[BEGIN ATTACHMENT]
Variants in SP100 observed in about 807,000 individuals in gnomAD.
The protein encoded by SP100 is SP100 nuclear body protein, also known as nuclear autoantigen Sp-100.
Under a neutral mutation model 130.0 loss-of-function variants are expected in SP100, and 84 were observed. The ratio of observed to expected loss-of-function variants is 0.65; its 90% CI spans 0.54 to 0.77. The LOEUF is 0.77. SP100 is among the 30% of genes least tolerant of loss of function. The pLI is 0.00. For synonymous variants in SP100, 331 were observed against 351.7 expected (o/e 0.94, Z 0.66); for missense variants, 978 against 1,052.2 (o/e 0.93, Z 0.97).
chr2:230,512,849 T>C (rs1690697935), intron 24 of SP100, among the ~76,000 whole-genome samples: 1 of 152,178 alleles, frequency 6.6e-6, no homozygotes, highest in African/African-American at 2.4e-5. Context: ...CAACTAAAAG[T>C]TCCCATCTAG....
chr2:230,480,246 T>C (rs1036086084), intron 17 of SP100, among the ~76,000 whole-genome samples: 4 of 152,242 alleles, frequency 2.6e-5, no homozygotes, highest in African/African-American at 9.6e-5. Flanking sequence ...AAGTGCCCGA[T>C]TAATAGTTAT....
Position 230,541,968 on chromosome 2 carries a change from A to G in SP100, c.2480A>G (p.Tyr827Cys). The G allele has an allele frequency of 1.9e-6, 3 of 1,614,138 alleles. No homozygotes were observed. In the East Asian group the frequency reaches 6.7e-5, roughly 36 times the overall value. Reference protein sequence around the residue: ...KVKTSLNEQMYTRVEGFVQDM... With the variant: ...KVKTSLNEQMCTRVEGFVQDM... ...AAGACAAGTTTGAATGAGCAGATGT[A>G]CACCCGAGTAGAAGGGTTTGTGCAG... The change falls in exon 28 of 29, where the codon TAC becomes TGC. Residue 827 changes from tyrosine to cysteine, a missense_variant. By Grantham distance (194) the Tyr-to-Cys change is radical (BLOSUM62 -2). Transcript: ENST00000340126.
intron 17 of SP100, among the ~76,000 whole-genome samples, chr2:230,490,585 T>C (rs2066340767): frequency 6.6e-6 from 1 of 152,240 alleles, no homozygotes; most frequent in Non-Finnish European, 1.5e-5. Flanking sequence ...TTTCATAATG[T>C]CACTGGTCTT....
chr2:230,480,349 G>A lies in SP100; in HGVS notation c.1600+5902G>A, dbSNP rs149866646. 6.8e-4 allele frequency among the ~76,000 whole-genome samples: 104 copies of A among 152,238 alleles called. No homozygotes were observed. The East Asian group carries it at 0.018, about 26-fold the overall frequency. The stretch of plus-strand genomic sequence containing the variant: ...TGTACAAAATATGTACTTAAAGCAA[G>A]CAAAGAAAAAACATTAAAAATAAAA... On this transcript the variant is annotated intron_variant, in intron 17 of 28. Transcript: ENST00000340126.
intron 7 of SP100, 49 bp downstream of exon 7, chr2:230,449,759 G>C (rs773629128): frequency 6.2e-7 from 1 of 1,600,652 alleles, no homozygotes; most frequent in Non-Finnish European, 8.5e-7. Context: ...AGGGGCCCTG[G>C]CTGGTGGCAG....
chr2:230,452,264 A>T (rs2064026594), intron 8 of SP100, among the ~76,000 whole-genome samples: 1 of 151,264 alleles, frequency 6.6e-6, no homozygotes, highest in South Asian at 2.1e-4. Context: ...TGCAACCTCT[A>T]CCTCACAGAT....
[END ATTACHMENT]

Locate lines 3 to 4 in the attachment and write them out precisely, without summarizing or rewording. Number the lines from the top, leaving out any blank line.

Under a neutral mutation model 130.0 loss-of-function variants are expected in SP100, and 84 were observed. The ratio of observed to expected loss-of-function variants is 0.65; its 90% CI spans 0.54 to 0.77. The LOEUF is 0.77. SP100 is among the 30% of genes least tolerant of loss of function. The pLI is 0.00. For synonymous variants in SP100, 331 were observed against 351.7 expected (o/e 0.94, Z 0.66); for missense variants, 978 against 1,052.2 (o/e 0.93, Z 0.97).
chr2:230,512,849 T>C (rs1690697935), intron 24 of SP100, among the ~76,000 whole-genome samples: 1 of 152,178 alleles, frequency 6.6e-6, no homozygotes, highest in African/African-American at 2.4e-5. Context: ...CAACTAAAAG[T>C]TCCCATCTAG....